By Elvira Pollina and Valentina Za
MILAN - Bidders for Telecom Italia's (TIM) landline grid are preparing to raise their offers of around 20 billion euros ($22 billion) by between 1 and 2 billion euros ahead of a Tuesday deadline, three sources close to the matter told .
The sale of Italy's main fixed telecoms network pits U.S. fund KKR, which is already an investor in TIM's grid, against Italian state lender CDP, which has teamed up with infrastructure fund Macquarie.
TIM is looking to sell its largest asset as CEO Pietro Labriola seeks to restructure the group, whose debt is rated as "junk" and which faces a steady revenue decline in its hyper-competitive home market.
TIM, which needs money to cut debt and relaunch its remaining services business, has asked both bidders to improve their initial offers by Tuesday. TIM's board is due to examine the offers at a May 4 meeting.
CDP, which owns 10% of TIM, initially offered some 18 billion euros ($20 billion) including debt for the grid which it plans to combine with that of Open Fiber, a rival fibre optic firm owned by CDP and Macquarie.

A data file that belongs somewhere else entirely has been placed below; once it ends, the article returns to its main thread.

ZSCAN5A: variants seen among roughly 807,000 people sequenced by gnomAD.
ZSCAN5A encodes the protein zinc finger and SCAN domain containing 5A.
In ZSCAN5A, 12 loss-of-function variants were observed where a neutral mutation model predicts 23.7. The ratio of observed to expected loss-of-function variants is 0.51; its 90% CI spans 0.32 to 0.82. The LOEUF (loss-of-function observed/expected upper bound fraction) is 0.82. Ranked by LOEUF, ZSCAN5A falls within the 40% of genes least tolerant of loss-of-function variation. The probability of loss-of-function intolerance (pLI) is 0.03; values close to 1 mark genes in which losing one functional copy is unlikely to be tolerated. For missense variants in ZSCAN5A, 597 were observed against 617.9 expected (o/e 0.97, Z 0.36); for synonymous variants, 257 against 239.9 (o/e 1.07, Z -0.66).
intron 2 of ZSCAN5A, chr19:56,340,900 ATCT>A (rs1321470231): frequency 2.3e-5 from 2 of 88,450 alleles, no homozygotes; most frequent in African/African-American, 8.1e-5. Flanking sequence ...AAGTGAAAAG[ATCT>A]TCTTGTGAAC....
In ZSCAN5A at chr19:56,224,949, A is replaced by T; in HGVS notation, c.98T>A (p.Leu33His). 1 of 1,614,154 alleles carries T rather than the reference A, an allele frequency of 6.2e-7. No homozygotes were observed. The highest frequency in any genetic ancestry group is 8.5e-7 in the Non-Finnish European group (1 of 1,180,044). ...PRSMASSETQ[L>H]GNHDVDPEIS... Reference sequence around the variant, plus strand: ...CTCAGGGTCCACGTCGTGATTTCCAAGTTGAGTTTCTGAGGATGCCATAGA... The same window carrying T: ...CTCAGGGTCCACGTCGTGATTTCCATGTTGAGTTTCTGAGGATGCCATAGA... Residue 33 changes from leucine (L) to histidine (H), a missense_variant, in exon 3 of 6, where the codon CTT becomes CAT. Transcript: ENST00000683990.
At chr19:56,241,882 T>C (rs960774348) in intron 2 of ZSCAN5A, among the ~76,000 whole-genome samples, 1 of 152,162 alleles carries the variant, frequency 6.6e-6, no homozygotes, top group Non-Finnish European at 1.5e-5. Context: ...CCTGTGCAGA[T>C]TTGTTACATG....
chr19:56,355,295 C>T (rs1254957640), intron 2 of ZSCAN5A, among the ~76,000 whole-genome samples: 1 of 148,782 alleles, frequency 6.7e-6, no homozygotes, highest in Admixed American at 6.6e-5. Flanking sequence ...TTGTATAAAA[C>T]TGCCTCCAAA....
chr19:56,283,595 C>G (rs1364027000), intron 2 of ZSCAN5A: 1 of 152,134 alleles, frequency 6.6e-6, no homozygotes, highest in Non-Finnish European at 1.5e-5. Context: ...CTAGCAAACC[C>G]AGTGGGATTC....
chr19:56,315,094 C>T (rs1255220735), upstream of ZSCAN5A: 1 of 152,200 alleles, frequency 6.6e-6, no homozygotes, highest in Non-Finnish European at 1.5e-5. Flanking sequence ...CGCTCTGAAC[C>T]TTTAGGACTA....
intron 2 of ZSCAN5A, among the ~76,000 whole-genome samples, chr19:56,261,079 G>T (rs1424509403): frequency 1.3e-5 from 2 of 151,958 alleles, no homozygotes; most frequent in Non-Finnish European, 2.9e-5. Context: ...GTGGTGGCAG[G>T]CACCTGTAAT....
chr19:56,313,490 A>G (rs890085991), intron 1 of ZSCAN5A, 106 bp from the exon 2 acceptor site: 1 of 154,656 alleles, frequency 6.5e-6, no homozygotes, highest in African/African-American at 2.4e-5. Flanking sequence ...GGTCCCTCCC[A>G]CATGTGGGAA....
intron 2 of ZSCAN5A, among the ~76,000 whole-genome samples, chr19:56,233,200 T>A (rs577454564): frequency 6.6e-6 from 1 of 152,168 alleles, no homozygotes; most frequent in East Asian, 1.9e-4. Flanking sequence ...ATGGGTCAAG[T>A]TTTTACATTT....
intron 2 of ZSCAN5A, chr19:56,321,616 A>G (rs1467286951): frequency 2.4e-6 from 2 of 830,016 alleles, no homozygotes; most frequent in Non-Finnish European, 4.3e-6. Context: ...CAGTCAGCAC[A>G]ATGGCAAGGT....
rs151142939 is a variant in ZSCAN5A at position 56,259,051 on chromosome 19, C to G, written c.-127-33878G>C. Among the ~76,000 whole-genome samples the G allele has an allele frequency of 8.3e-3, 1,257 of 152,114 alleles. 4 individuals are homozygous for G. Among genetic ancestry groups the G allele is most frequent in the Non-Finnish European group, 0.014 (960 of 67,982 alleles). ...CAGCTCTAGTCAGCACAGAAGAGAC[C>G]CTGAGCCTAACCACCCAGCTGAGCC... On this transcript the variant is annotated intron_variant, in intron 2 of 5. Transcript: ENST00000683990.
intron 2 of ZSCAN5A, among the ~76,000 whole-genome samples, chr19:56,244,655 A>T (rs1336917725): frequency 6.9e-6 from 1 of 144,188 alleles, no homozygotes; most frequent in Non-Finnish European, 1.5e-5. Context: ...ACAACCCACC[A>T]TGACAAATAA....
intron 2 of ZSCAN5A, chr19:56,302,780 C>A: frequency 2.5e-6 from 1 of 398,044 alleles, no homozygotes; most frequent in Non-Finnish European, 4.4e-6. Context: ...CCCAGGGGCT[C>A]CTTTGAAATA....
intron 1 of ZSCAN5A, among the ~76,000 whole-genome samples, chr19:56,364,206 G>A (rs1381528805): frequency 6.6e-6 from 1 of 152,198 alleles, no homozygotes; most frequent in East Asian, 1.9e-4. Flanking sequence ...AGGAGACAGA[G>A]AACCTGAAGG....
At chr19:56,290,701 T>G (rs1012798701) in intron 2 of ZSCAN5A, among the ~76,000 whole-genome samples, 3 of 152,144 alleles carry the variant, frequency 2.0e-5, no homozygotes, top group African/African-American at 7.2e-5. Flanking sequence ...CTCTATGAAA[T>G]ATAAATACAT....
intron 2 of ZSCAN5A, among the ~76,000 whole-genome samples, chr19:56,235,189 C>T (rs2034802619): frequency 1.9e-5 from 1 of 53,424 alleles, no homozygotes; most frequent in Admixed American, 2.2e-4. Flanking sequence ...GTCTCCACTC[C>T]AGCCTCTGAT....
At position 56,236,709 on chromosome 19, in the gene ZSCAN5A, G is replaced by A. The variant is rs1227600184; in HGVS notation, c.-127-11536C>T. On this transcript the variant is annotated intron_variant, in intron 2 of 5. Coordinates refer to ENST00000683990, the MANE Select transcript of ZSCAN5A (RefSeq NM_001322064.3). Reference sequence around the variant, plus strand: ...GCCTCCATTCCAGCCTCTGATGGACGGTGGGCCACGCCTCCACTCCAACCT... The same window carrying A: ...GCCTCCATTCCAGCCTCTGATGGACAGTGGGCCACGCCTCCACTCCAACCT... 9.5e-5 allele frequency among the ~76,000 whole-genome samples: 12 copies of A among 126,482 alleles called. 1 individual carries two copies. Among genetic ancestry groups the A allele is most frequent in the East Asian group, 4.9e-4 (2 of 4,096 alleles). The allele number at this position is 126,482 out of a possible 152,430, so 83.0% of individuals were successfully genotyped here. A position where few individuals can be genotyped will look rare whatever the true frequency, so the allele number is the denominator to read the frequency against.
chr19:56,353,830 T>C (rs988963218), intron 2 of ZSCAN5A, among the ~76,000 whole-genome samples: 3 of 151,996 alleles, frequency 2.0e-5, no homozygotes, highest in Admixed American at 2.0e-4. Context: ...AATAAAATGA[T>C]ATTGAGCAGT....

KKR bid 20 billion euros, including a 2 billion euro earn out, but both offers fall well short of a 31 billion euro price tag set by Vivendi, TIM's single biggest investor.
Vivendi, which has a 24% stake in TIM but has relinquished its board seats to have a freer hand in negotiations, has been urging directors to only assess bids that value the grid fairly and to put any decision to a qualified shareholders' vote.
If TIM decided to leave the decision in the hands of its board a legal battle could ensue, the sources said.
Piling further pressure on the board and Labriola, Vivendi is also planning not to back TIM's remuneration policy at a general meeting on Thursday, sources have said.
TIM is counting on the sale to cut its 25 billion euro debts, which Labriola has said is key to developing its industrial and strategic options.
($1 = 0.9108 euros)
(Reporting by Valentina Za; Editing by Alexander Smith)